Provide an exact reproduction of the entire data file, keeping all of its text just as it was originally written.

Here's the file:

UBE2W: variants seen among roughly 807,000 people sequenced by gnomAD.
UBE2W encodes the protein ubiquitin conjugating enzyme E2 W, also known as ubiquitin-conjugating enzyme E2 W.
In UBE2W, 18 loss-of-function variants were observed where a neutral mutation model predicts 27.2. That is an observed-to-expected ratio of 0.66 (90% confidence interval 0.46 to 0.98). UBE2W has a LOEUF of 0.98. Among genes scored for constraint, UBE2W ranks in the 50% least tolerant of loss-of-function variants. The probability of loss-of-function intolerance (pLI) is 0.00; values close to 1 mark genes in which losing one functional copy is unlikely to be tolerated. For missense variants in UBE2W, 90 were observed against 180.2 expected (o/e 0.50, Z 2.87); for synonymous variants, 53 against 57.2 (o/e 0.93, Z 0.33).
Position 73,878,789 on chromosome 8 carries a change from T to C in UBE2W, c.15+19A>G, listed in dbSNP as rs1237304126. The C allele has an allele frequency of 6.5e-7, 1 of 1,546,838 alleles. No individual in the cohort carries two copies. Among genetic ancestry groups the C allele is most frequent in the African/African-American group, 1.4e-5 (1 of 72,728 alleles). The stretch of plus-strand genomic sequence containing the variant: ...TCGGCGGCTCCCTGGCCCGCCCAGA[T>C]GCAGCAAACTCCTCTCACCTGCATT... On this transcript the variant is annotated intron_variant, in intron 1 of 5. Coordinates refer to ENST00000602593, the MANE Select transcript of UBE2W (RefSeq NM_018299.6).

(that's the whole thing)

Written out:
UBE2W: variants seen among roughly 807,000 people sequenced by gnomAD.
UBE2W encodes the protein ubiquitin conjugating enzyme E2 W, also known as ubiquitin-conjugating enzyme E2 W.
In UBE2W, 18 loss-of-function variants were observed where a neutral mutation model predicts 27.2. That is an observed-to-expected ratio of 0.66 (90% confidence interval 0.46 to 0.98). UBE2W has a LOEUF of 0.98. Among genes scored for constraint, UBE2W ranks in the 50% least tolerant of loss-of-function variants. The probability of loss-of-function intolerance (pLI) is 0.00; values close to 1 mark genes in which losing one functional copy is unlikely to be tolerated. For missense variants in UBE2W, 90 were observed against 180.2 expected (o/e 0.50, Z 2.87); for synonymous variants, 53 against 57.2 (o/e 0.93, Z 0.33).
Position 73,878,789 on chromosome 8 carries a change from T to C in UBE2W, c.15+19A>G, listed in dbSNP as rs1237304126. The C allele has an allele frequency of 6.5e-7, 1 of 1,546,838 alleles. No individual in the cohort carries two copies. Among genetic ancestry groups the C allele is most frequent in the African/African-American group, 1.4e-5 (1 of 72,728 alleles). The stretch of plus-strand genomic sequence containing the variant: ...TCGGCGGCTCCCTGGCCCGCCCAGA[T>C]GCAGCAAACTCCTCTCACCTGCATT... On this transcript the variant is annotated intron_variant, in intron 1 of 5. Coordinates refer to ENST00000602593, the MANE Select transcript of UBE2W (RefSeq NM_018299.6).